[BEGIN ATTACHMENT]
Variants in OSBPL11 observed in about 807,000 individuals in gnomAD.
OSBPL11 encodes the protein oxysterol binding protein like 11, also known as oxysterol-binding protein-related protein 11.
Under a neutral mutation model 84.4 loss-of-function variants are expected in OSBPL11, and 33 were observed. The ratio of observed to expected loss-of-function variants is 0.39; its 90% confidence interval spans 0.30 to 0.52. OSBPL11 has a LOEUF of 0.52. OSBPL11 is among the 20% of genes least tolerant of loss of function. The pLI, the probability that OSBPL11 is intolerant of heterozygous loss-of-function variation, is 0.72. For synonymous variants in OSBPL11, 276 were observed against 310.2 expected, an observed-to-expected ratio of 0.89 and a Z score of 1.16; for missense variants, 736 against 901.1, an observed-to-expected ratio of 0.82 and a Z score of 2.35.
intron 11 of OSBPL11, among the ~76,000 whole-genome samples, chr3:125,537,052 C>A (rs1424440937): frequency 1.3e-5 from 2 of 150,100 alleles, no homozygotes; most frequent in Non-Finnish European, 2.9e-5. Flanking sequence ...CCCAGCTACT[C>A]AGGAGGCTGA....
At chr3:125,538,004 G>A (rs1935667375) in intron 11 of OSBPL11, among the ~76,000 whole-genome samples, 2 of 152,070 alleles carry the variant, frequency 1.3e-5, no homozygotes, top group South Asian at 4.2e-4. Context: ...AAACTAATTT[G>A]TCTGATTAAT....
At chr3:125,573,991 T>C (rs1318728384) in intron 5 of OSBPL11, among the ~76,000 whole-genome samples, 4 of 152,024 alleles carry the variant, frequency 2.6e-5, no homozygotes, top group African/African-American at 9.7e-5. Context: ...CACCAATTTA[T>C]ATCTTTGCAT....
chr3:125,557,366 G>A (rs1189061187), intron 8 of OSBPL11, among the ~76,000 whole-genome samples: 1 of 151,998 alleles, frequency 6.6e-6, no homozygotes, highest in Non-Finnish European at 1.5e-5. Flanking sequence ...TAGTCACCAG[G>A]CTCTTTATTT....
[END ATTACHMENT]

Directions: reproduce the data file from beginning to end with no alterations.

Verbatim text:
Variants in OSBPL11 observed in about 807,000 individuals in gnomAD.
OSBPL11 encodes the protein oxysterol binding protein like 11, also known as oxysterol-binding protein-related protein 11.
Under a neutral mutation model 84.4 loss-of-function variants are expected in OSBPL11, and 33 were observed. The ratio of observed to expected loss-of-function variants is 0.39; its 90% confidence interval spans 0.30 to 0.52. OSBPL11 has a LOEUF of 0.52. OSBPL11 is among the 20% of genes least tolerant of loss of function. The pLI, the probability that OSBPL11 is intolerant of heterozygous loss-of-function variation, is 0.72. For synonymous variants in OSBPL11, 276 were observed against 310.2 expected, an observed-to-expected ratio of 0.89 and a Z score of 1.16; for missense variants, 736 against 901.1, an observed-to-expected ratio of 0.82 and a Z score of 2.35.
intron 11 of OSBPL11, among the ~76,000 whole-genome samples, chr3:125,537,052 C>A (rs1424440937): frequency 1.3e-5 from 2 of 150,100 alleles, no homozygotes; most frequent in Non-Finnish European, 2.9e-5. Flanking sequence ...CCCAGCTACT[C>A]AGGAGGCTGA....
At chr3:125,538,004 G>A (rs1935667375) in intron 11 of OSBPL11, among the ~76,000 whole-genome samples, 2 of 152,070 alleles carry the variant, frequency 1.3e-5, no homozygotes, top group South Asian at 4.2e-4. Context: ...AAACTAATTT[G>A]TCTGATTAAT....
At chr3:125,573,991 T>C (rs1318728384) in intron 5 of OSBPL11, among the ~76,000 whole-genome samples, 4 of 152,024 alleles carry the variant, frequency 2.6e-5, no homozygotes, top group African/African-American at 9.7e-5. Context: ...CACCAATTTA[T>C]ATCTTTGCAT....
chr3:125,557,366 G>A (rs1189061187), intron 8 of OSBPL11, among the ~76,000 whole-genome samples: 1 of 151,998 alleles, frequency 6.6e-6, no homozygotes, highest in Non-Finnish European at 1.5e-5. Flanking sequence ...TAGTCACCAG[G>A]CTCTTTATTT....